The Pollando scandal comes at a time of transition and turmoil for Sayreville’s local government, which is now without a permanent Police Chief or Business Administrator after two longtime municipal leaders exited the administration in recent weeks.
Meanwhile, two seats on the six-member Borough Council are up for election in November, and as usual, both of the major political parties see winning them as within reach.
Republican Donna Roberts and Democrat Michelle Maher are each seeking re-election, and have paired up with running mates in their own party. The outcome will determine which party controls the local government.
Pollando, a 72-year-old resident of the Parlin section of the borough, has been a fixture in Sayreville politics for decades.
He sat on the Borough Council from 2001 through 2007, when he made a run for Mayor, challenging Republican Kennedy O’Brien.
After losing that race, Pollando told the press he would not seek public office again. But he apparently couldn’t resist making another run in 2009, when he sought another stint on the Council shortly after he secured a coveted appointment to the SERA Board.
Though he didn’t win the Council seat, in what would be his last attempt at winning an elected government position, he continued to accumulate political power.
In 2010, Pollando was unanimously selected to replace John Wisniewski as Chairman of the Sayreville Democratic Organization, a position that gave him oversight of campaign funds and significant influence over which candidates could secure the party’s support.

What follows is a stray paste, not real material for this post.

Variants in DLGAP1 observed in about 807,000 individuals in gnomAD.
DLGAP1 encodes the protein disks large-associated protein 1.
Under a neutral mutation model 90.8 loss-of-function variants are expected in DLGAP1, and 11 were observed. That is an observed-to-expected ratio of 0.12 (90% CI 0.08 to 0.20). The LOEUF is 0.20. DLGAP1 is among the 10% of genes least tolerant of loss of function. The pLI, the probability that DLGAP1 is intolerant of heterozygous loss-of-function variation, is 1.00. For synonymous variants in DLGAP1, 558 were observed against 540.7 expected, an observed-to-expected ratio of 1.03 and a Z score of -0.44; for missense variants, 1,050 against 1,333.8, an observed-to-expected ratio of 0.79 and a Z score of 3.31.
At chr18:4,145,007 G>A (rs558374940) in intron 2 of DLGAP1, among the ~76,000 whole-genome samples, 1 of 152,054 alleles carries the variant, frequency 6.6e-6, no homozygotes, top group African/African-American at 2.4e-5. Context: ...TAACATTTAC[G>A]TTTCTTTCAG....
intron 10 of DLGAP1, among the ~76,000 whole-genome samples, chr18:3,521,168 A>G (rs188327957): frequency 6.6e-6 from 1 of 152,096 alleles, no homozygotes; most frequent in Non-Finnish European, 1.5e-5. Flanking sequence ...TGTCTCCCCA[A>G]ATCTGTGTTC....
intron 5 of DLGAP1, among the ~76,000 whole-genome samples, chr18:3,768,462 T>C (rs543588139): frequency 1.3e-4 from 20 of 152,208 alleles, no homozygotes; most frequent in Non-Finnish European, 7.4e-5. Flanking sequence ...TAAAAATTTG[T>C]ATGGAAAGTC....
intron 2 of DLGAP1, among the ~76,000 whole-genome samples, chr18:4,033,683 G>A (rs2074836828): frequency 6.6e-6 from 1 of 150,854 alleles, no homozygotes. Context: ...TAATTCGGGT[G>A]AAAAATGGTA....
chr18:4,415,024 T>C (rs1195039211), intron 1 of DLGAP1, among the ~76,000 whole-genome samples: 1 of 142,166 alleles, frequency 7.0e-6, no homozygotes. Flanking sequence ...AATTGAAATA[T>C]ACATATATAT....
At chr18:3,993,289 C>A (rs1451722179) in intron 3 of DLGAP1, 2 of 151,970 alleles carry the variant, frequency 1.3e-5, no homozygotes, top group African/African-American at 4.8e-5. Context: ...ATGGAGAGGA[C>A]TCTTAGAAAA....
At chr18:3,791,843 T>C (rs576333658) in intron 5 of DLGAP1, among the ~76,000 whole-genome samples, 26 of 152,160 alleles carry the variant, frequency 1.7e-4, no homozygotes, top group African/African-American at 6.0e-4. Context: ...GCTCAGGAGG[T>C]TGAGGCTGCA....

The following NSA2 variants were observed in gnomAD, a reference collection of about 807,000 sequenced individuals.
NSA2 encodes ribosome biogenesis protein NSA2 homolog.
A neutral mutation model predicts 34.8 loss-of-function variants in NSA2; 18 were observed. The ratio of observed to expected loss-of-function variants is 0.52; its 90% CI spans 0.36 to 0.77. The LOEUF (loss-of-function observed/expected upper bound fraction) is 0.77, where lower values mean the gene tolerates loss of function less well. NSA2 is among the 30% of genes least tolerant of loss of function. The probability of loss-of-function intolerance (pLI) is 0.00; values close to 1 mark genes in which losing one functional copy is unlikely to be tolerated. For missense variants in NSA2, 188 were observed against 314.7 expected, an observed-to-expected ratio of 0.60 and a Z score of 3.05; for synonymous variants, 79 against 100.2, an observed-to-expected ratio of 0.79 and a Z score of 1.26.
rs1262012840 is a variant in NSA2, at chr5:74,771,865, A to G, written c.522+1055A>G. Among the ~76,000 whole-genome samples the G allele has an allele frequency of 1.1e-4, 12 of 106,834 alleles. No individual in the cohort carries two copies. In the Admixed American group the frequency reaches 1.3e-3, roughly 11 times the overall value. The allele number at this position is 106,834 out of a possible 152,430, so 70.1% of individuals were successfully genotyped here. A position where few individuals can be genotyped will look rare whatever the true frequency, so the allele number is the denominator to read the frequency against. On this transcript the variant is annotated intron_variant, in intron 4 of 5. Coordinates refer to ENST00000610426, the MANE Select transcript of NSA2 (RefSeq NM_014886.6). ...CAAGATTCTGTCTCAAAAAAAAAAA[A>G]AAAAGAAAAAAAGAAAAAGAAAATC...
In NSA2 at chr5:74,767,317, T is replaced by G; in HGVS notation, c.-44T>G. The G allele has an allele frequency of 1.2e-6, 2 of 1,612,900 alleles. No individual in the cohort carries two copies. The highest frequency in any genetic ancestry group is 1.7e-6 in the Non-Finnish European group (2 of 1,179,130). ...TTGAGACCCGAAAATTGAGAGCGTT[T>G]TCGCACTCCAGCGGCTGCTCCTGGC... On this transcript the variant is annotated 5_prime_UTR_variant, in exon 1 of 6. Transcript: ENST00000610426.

Pollando is not the first local Democrat to get tripped up by a bribery charge.
In 2018, one of the candidates Pollando successfully backed for Borough Council, Ricci Melendez, pleaded guilty to bribery in New York, in connection with his dayjob.
Melendez quit the Council, but told the public that he was leaving public office because “my professional career has taken a turn in which I need to fully dedicate all of my time and resources.”
“It’s an opportunity that I’ve been working towards my whole life and I feel it’s time to pursue it,” wrote Melendez in his resignation letter.
His guilty plea was made on October 23, but Melendez didn’t resign until November 18, after an election had passed.
For his part, Pollando initially said that Melendez would remain involved in the leadership of his party organization after quitting the Council, but then changed his tune after the criminal case was revealed to the public by reporters like NJ.com’s Alex Napoliello.
Kilpatrick, the Mayor since 2020, acknowledges she’s been on the outs with Pollando and his party organization for over a year now, and feels vindicated that she cut ties with him.
The rift within the Democratic Party has been evident throughout Council meetings in 2022 as dramatic disagreements have manifested around local issues and routine agenda items that would have been approved unanimously in most other municipalities, where political machines make decisions behind closed doors.
Kilpatrick is not the only one calling for an investigation. Her Republican opponent in the 2019 election agrees that the development projects Pollando approved need to be investigated in light of the bribery charges.
“I think the authorities need to look at each project he was involved in as a member of SERA and County Planning Board,” said Arthur Rittenhouse, who lost to Kilpatrick by three votes and challenged the results in court.